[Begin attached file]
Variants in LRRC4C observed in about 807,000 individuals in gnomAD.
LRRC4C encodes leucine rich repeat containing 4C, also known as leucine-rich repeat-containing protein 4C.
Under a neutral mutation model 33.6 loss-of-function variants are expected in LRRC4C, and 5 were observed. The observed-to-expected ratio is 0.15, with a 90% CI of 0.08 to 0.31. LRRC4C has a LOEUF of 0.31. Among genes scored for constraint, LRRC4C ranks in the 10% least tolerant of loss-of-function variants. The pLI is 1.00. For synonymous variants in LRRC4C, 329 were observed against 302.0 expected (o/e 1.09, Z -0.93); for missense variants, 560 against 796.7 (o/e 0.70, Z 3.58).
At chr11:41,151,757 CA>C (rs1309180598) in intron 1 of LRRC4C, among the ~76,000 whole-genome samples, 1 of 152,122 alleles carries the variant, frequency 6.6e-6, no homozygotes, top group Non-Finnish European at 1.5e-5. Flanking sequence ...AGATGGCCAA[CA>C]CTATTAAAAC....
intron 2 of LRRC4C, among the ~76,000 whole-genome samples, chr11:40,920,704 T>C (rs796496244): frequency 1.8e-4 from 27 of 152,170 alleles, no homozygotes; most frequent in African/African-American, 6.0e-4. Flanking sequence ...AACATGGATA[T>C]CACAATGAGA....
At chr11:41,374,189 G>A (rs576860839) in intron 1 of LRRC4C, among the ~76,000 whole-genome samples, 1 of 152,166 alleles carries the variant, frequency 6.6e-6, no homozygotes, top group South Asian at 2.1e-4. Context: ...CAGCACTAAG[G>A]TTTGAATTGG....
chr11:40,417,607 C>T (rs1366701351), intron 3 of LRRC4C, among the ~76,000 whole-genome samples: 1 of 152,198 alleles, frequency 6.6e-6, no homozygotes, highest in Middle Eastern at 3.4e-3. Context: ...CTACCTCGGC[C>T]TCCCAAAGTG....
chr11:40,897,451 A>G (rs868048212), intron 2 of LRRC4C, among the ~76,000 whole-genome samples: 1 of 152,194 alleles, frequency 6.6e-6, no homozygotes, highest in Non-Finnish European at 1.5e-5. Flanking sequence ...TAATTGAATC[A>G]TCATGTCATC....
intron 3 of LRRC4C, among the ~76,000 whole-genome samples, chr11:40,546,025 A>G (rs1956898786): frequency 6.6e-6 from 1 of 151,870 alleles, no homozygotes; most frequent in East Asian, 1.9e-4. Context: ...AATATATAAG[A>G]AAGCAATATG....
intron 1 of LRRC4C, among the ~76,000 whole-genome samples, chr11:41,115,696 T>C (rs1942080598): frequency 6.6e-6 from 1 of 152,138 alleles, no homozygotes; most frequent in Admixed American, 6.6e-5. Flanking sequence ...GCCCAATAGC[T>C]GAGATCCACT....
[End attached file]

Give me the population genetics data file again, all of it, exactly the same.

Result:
Variants in LRRC4C observed in about 807,000 individuals in gnomAD.
LRRC4C encodes leucine rich repeat containing 4C, also known as leucine-rich repeat-containing protein 4C.
Under a neutral mutation model 33.6 loss-of-function variants are expected in LRRC4C, and 5 were observed. The observed-to-expected ratio is 0.15, with a 90% CI of 0.08 to 0.31. LRRC4C has a LOEUF of 0.31. Among genes scored for constraint, LRRC4C ranks in the 10% least tolerant of loss-of-function variants. The pLI is 1.00. For synonymous variants in LRRC4C, 329 were observed against 302.0 expected (o/e 1.09, Z -0.93); for missense variants, 560 against 796.7 (o/e 0.70, Z 3.58).
At chr11:41,151,757 CA>C (rs1309180598) in intron 1 of LRRC4C, among the ~76,000 whole-genome samples, 1 of 152,122 alleles carries the variant, frequency 6.6e-6, no homozygotes, top group Non-Finnish European at 1.5e-5. Flanking sequence ...AGATGGCCAA[CA>C]CTATTAAAAC....
intron 2 of LRRC4C, among the ~76,000 whole-genome samples, chr11:40,920,704 T>C (rs796496244): frequency 1.8e-4 from 27 of 152,170 alleles, no homozygotes; most frequent in African/African-American, 6.0e-4. Flanking sequence ...AACATGGATA[T>C]CACAATGAGA....
At chr11:41,374,189 G>A (rs576860839) in intron 1 of LRRC4C, among the ~76,000 whole-genome samples, 1 of 152,166 alleles carries the variant, frequency 6.6e-6, no homozygotes, top group South Asian at 2.1e-4. Context: ...CAGCACTAAG[G>A]TTTGAATTGG....
chr11:40,417,607 C>T (rs1366701351), intron 3 of LRRC4C, among the ~76,000 whole-genome samples: 1 of 152,198 alleles, frequency 6.6e-6, no homozygotes, highest in Middle Eastern at 3.4e-3. Context: ...CTACCTCGGC[C>T]TCCCAAAGTG....
chr11:40,897,451 A>G (rs868048212), intron 2 of LRRC4C, among the ~76,000 whole-genome samples: 1 of 152,194 alleles, frequency 6.6e-6, no homozygotes, highest in Non-Finnish European at 1.5e-5. Flanking sequence ...TAATTGAATC[A>G]TCATGTCATC....
intron 3 of LRRC4C, among the ~76,000 whole-genome samples, chr11:40,546,025 A>G (rs1956898786): frequency 6.6e-6 from 1 of 151,870 alleles, no homozygotes; most frequent in East Asian, 1.9e-4. Context: ...AATATATAAG[A>G]AAGCAATATG....
intron 1 of LRRC4C, among the ~76,000 whole-genome samples, chr11:41,115,696 T>C (rs1942080598): frequency 6.6e-6 from 1 of 152,138 alleles, no homozygotes; most frequent in Admixed American, 6.6e-5. Flanking sequence ...GCCCAATAGC[T>C]GAGATCCACT....